Pre-Phase A studies were contracted out to Boeing, and to North American Rockwell.
Left-hand column of WIP images, Top to Bottom.
The North American Rockwell versions of the Tug use an Apollo style probe-and-drogue docking system to mate tug modules.
WIP Top Left shows the crew module with a cargo module above it and the top portion of the propulsion module below.
WIP Center Left: Profile view and detail of the docking system.
WIP Bottom Left: Top view of the docking system.
I decided to hold off on modeling the master-slave manipulator arms till I had the technical reports from David. Sadly this is one of the systems that is noted as requiring further study. I intend to work from the concept art to complete this part of the system.
WIP Center Top and Middle: This is a lunar lander variant of the tug, which only appears once, in the ELDO/NASA briefing document, and is shown only from a face-on perspective, but I rather like it. This configuration, crew module bottom, and two cargo modules stacked on top, is intended to support fifteen astronauts for fifty day lunar excursions. The propulsive elements, landing engines and tankage, have been moved to a side mounted configuration, nicely lowering the COG. Very elegant. I’m modeling the landing kit on one side, this will then be duplicated to the other side of the crew module. The basic structure to support landing/take-off rockets and landing gear is complete, tank bracing remains to be completed before I mount the engines and landing gear.
WIP Center Bottom: This is a texture mapped incandescence node using the black-body node for Cycles in Blender. In experiment phase, I’m tweaking the shader to match material settings of my open cycle gas core rocket radiator panels. This is the radiator material at 1390 k, the full power coolant output temperature from the gas core reactor.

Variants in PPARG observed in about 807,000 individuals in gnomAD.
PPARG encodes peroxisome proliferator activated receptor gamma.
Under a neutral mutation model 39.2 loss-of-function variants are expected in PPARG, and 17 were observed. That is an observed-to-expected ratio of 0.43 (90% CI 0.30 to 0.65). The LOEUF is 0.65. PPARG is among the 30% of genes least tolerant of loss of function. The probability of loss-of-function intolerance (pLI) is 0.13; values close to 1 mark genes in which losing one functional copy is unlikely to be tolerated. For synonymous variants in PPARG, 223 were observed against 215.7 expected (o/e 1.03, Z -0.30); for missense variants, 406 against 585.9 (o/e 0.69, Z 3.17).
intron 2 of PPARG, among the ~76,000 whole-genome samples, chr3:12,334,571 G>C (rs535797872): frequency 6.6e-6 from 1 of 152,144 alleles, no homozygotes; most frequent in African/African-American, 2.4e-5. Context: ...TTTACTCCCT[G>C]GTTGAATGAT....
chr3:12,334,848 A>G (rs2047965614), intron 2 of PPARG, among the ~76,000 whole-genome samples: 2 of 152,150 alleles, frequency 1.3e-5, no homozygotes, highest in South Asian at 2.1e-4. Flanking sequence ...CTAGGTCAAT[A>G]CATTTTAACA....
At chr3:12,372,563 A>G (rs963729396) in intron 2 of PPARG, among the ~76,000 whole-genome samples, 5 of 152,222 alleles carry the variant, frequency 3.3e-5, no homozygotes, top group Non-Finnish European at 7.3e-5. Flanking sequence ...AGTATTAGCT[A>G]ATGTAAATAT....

WIP Right-Hand Column: This is the Boeing version of the Space Tug. Scaled to fit in the payload bay of the Space Shuttle. This will sport top mounted manipulator arms arrayed around the docking adapter. The Boeing version of the tug used a single uprated RL-10 engine, I’m in process modeling the engine presently.
I've selected three alternate propulsion modules to model, the four engine North American Rockwell module, a primary (high energy) Boeing propulsion module, and the secondary Boeing LEO propulsion module. I'm modeling cutaway versions of the propulsion modules as well as fully closed versions.
For my Patrons this month:
I will be offering a selection of art from my gallery, full size high resolution copies, if there is any particular artwork you would like leave your requests in the comments below.
Research, documents courtesy of David S.F. Portree
Boeing Pre-phase A Technical Study For Use of Sat V, INT 21 & Other Sat V Derivatives To Determine An Optimum Fourth Stage, 106 pages. February 26, 1971.
Presentation, Space transportation System Briefing document, 38 pages. Advanced Manned Missions Program, Office of Manned Spaceflight. Prepared for ELDO (the European Launcher Development Organization) and NASA. July 7-8 1970, Bonn, Germany.
MSC Internal Note No. 70-FM-125, August 24, 1970 A Preliminary Logistics Plan to Supply Oxygen To The Interplanetary Module In A High Earth Orbit From The Lunar Surface Generation Source, 27 pages. Mission Planning And Analysis Division, Manned Spacecraft Center, Houston Texas.
NASA Technical Note D-6241 Use of The Space Tug To Increase Payload Capabilities of The Space Shuttle, 17 pages. Langley Research Center, Hampton VA, February 1971.
North American Rockwell Pre-Phase A Study for an Analysis of a Reusable Space tug, Volume 1, Management Summary, 23 pages. March 22, 1971.
North American Rockwell Pre-Phase A Study for an Analysis of a Reusable Space tug, Volume 2, Technical Summary, 103 pages. March 22, 1971.
Bellcom Review of the five Pre-Phase A studies, (approx) 100 pages. June 30, 1971.
A special note of thanks to David S.F. Portree. These visualizations would be far less detailed and complete without his time and efforts.